Steak 'n Shake Franchisee Battles Franchisor Over Price Control
Written by Tim Morral
Denver franchisees engage in legal clash with Steak 'n Shake over the franchisor's ability to impose price controls on independent franchise locations.
Every small business owner can tell you that product pricing depends on many variables, including the cost of labor and other inputs in the company's geographic area. But for some franchisees, cost-based pricing is an option that is prohibited by their franchisors -- a practice that at least one Denver-based Steak 'n Shake franchisee is challenging in court.
According to Blue MauMau, Kathryn, Larry and Christopher Baerns began operating two Denver-based Steak 'n Shake franchise locations in 2012. Before long, the Baerns began raising prices and ignoring Steak 'n Shakes $4 meal promotions -- a practice that caused Steak 'n Shake to notify the Baerns that their franchise would be terminated if they failed to fully comply with corporate pricing policies.
The Baerns contend that higher costs in the Denver area made it impossible for them to survive financially under corporate pricing and refused to comply, even after Steak 'n Shake terminated their franchise agreement in July. Consequently, Steak 'n Shake has initiated legal action to force the Baerns to "de-identify" their business from the franchise and to stop using the franchise's name, menus and branded elements.
In their response to the lawsuit, the Baerns also argue that the franchisor misrepresented the amount of profit that would be earned at each location -- funds that both Steak 'n Shake and the Baerns agreed to use to launch additional franchise locations.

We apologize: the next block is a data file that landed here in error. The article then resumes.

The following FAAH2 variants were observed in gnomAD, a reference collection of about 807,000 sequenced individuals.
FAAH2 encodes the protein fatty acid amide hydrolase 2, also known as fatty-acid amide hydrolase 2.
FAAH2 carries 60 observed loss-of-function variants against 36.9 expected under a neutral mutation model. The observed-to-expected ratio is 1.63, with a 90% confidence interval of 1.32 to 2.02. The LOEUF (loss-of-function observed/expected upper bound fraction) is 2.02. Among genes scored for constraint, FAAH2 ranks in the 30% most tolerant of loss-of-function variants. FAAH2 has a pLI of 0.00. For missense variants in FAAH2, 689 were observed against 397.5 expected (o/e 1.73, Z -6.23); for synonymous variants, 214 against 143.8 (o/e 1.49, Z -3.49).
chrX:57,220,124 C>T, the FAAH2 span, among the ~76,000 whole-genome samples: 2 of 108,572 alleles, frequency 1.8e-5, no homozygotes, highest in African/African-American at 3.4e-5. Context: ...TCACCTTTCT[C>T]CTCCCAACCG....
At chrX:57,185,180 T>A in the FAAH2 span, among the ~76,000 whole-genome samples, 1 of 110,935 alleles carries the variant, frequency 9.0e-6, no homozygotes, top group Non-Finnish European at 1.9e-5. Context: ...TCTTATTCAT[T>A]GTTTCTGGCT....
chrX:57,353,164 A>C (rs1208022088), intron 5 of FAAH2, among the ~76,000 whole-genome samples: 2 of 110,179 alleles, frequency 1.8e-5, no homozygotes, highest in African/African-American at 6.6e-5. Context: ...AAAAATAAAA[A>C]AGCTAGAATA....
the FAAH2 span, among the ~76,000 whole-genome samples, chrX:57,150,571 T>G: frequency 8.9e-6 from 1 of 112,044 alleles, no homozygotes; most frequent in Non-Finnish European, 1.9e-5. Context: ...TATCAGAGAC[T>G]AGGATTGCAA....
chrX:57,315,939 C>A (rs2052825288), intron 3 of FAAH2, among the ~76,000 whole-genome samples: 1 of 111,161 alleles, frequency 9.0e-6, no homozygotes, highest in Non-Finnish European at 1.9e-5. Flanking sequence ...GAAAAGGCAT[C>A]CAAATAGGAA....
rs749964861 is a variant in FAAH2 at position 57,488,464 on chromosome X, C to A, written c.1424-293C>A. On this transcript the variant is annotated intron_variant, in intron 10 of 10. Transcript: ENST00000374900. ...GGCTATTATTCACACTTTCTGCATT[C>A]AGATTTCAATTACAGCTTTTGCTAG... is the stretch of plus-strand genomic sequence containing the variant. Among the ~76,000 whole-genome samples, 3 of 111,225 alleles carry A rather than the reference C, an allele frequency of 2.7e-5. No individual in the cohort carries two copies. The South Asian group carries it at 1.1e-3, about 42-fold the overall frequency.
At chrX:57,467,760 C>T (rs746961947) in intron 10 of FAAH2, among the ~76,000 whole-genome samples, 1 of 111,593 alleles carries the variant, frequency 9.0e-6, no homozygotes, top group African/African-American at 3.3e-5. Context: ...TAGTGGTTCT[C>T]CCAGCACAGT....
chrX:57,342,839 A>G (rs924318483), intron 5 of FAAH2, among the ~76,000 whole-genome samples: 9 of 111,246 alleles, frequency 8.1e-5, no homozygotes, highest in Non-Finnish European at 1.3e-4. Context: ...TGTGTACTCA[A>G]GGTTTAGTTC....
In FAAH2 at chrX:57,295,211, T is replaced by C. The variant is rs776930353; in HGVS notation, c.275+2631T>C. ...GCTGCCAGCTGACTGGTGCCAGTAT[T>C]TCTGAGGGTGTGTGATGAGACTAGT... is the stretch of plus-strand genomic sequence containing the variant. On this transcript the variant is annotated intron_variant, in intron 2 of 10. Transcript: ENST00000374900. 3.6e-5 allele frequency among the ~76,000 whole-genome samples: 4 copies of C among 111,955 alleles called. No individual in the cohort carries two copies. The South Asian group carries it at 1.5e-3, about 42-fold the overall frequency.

Despite the presence of a franchise agreement, it appears as though the Baerns' claims may have some merit. Industry analyst John Gordon of Pacific Management Consulting said, "Virtually all US restaurant franchisors allow for pricing variability to meet market conditions and do not mandate pricing. The United States is way too diverse in demography, competition, and cost to build and operate for forced store pricing to work, today." He added that forced or mandated pricing would have been a 1960s era strategy.
Regardless of the legal outcome of the Steak 'n Shake case, the key takeaway for prospective franchisees is clear: when developing a list of questions to ask franchisors, it's essential to determine how much control the franchisor will exert over pricing and other business activities. In some cases, prospective franchisees may discover that the promotional strength and brand recognition of the franchise isn't worth sacrificing control over fundamental business decisions.
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